Small and Medium Enterprises (SMEs) play a significant role in driving the economies of many countries. In Canada, SMEs contributed more than 50% to the GDP between 2003-2016, and Canadian small businesses constituted 98% of all business enterprises in 2018. In addition to being a critical part of the country’s economy, SMEs constantly generate new ideas and inventions across industries.
Intellectual property (IP) can be used as a business tool by SMEs to grow. IP assets enable businesses to develop at a faster pace, expand to new markets, receive funding from investors and financial institutions, and contribute to a country’s overall economic growth. Government initiatives and access to IP assistance through law firms, universities, and schools have certainly increased the awareness of these benefits among SMEs; however, there is still a gap in the understanding of exploiting IP in Canada.
It is crucial to recognize that registering IP is only a step towards fully realizing the commercial benefits of IP. It is unlikely that a business will be able to generate substantial financial returns unless the IP is successfully commercialized. IP commercialization means turning ideas or IP into marketable assets with the view to profit and grow. Several obstacles impede the effectiveness through which IP is commercialized.
One significant issue is the lack of IP management strategies tailored to the business. This limited knowledge leads to the underutilization of IP held by SMEs – for example, patents owned by smaller entities have lower rates of survival than those owned by large entities. To optimally utilize IP, SMEs must assess how their IP fits within the overall business goal and plan; integrating IP into the broader business strategy helps bring value to the business through IP. There are several ways to commercialize IP (like licensing, franchising, sale), but choosing the most appropriate method depends on various factors specific to each business. Every approach has its advantages and drawbacks; irrespective of the method, a business will likely have to conduct an IP audit, IP valuation, and market analysis (to assess target markets, competitors, the receptiveness of IP, etc.).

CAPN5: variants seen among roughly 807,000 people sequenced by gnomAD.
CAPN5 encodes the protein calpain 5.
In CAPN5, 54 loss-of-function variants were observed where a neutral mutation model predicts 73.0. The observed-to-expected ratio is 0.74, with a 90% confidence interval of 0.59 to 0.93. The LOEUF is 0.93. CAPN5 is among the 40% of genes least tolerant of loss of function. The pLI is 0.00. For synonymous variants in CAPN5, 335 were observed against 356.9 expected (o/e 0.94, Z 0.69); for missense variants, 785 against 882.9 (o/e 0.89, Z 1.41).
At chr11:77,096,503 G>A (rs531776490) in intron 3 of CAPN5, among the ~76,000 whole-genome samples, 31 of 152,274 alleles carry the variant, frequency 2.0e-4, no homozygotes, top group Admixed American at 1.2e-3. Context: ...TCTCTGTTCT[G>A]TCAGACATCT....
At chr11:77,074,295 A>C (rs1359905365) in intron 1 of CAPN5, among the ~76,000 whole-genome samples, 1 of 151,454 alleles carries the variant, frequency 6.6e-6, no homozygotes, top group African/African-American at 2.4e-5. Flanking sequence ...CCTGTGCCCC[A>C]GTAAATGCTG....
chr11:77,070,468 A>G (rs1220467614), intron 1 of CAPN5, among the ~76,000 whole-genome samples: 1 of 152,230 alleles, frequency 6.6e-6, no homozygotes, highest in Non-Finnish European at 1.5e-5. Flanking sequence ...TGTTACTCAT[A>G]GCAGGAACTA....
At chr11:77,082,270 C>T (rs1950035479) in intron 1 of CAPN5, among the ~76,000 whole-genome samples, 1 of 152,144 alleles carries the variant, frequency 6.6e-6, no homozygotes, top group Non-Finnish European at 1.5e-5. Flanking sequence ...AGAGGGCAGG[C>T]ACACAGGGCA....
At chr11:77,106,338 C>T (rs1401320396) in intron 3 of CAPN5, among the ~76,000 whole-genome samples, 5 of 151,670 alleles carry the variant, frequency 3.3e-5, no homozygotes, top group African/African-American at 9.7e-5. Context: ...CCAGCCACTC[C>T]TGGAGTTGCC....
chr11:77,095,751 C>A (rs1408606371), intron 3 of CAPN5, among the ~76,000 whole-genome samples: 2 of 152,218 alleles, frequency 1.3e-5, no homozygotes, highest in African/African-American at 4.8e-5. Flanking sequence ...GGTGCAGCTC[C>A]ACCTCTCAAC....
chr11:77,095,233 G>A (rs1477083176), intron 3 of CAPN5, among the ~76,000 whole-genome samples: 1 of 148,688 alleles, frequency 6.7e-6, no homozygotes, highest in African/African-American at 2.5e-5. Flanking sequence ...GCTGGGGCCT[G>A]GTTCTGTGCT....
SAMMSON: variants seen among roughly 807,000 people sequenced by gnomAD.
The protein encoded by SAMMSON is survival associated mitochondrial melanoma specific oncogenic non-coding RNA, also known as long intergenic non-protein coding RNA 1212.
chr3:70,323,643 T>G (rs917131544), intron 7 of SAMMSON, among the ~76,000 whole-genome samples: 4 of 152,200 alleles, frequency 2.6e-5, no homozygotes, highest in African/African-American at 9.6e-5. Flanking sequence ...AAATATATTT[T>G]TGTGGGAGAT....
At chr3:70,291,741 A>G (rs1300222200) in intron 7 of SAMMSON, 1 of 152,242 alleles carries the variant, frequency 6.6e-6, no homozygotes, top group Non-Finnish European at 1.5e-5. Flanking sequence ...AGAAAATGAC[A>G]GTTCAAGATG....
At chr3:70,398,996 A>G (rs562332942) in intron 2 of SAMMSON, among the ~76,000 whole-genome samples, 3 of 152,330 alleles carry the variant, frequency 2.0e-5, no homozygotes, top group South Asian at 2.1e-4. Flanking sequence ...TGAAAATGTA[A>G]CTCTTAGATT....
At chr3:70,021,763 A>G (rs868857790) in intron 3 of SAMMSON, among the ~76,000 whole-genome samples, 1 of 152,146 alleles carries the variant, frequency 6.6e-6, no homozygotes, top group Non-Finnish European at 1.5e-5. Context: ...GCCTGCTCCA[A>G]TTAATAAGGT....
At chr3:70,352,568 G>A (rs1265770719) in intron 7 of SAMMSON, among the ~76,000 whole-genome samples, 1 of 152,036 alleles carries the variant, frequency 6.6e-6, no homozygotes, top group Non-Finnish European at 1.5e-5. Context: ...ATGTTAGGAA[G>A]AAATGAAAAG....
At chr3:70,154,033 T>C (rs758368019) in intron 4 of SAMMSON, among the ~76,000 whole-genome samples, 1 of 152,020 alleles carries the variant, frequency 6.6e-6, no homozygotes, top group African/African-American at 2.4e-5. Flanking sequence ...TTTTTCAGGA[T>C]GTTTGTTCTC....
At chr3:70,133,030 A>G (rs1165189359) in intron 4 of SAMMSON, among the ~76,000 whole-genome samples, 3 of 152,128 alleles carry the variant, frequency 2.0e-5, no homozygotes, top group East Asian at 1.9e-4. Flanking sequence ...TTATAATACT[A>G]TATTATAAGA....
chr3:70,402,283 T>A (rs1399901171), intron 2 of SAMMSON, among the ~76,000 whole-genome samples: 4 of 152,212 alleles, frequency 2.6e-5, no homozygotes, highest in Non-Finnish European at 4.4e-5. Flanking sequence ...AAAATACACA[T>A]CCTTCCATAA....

SMEs may not have the appropriate level of awareness or the wherewithal to navigate the IP commercialization process. After experiencing challenges in raising capital for their business and IP protection, further investing in building an IP strategy may seem unattractive in the early stages. However, in an increasingly innovation-driven economy (with IP and data as the most valuable assets), IP commercialization becomes even more vital for success. Government initiatives, like the recently launched Innovation Asset Collective, are a step in the right direction. Nevertheless, more efforts need to be made at the grassroots levels to spread awareness about such initiatives and the importance of commercializing IP within Canada to avoid draining Canada’s innovation economy. There is a need to increase access to resources for SMEs – both in terms of finances and human capital skilled in managing IP – to tap into the immense potential that lies in SMEs.
Written by Tanya Tawakley, JD Candidate 2022, enrolled in Professor D’Agostino’s Directed Reading: IP Innovation Clinic course at Osgoode Hall Law School. As part of the course requirements, students were asked to write a blog on a topic of their choice.